I am attending a mediation training to become a community mediator. Something I want to do simply because it will add value to my profile and of course I can use some of the knowledge in my current job.
The instructor of this program is a vivacious, energetic, gregarious and loud woman who is quite passionate about mediation and what she does. She is very direct, forthright and says whatever comes to her mind, speaks and then thinks, so to speak. And she has no qualms about using foul language. Every other sentence has a slur and f*** is being used as if it going out of fashion. When some of us questioned her about it, she told us that she is giving us a ‘dose of reality’ and helping us prepare for the inevitable. As community mediators we will be exposed to all types of conflicts (parent-teen, gay’s, roommates, neighbors etc.) and majority of these folks whose conflict we will be mediating, will use foul and vulgar language. After all, when someone is angry, frustrated, threatened, disgusted, is all ready to beat the crap out of the other person, who cares about their p’s and q’s right? Well, makes sense but only to a certain extent. It is OK to use foul language when you are role playing a conflict or giving an example of a conflict. But to use it that frequently as part of a training which also includes kids as young as 14 (yes, we have school going kids who are attending to earn extra school credits) doesn’t quite make any sense.
I have accepted it and am OK with it after much thought (there are graver issues to worry about than this now) but there are other participants who aren’t. Some of them have been vocal about it but every time they bring it up, they are told that they are being desensitized.
Anyway, it has been a long training. We have one more weekend to go before we are done. But just to give you a better understanding of what I am writing about, here’s what happened at the last training. We were all asked to wear a T-shirt that would be inappropriate to wear during a mediation session. Everyone came wearing shirts with comments, logos or pictures that were not quite appropriate and can send out a wrong message or signal to others. We had to wear the T-shirt and show it off to the group by doing a ramp walk (just like a fashion show!)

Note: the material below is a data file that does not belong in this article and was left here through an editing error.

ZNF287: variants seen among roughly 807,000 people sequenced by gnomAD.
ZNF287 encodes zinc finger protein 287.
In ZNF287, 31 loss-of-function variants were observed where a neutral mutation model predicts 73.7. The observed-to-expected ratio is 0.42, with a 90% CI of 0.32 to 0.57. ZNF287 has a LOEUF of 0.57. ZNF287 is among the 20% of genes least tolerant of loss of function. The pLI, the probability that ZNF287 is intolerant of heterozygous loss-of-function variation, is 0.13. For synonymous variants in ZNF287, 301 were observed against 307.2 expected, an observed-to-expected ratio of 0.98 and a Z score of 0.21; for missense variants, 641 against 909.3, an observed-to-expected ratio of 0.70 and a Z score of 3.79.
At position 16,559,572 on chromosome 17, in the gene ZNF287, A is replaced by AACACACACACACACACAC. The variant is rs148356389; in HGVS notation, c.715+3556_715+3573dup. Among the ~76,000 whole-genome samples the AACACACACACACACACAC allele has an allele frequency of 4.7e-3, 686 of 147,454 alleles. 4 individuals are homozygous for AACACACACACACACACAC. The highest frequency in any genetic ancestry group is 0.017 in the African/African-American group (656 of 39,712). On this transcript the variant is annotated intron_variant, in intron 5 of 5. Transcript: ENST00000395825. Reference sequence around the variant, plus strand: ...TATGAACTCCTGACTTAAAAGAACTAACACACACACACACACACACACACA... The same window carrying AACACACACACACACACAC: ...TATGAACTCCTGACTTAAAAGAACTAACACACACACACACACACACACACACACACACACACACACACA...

Well, the ones that got the most laughs and of course from the kids were a shirt worn by a guy that had a picture of a Daschund on it and the caption said “My wiener does tricks” and the second one was the instructor’s shirt that had a picture of a headless guy and in bold, big letters the caption read, “Need head?”. The minute she opened her jacket and revealed her shirt, the reaction of the group was as expected, divided. The kids, of course got cheap thrills out of it and the adults in the room, well most of them, gasped!
The kids obviously aren’t bemused by all of this because they are all quite precocious and aware of most of what is being said and talked about. And nowadays stuff like this is very common in schools. It is the parents who are having a difficult time accepting the reason and the justification.
I am a trainer myself and I admire the fortitude, tenacity and energy this instructor has. I can be quite nonchalant about things and you will have to move mountains to scandalize me. But I do think she crossed the line with this one.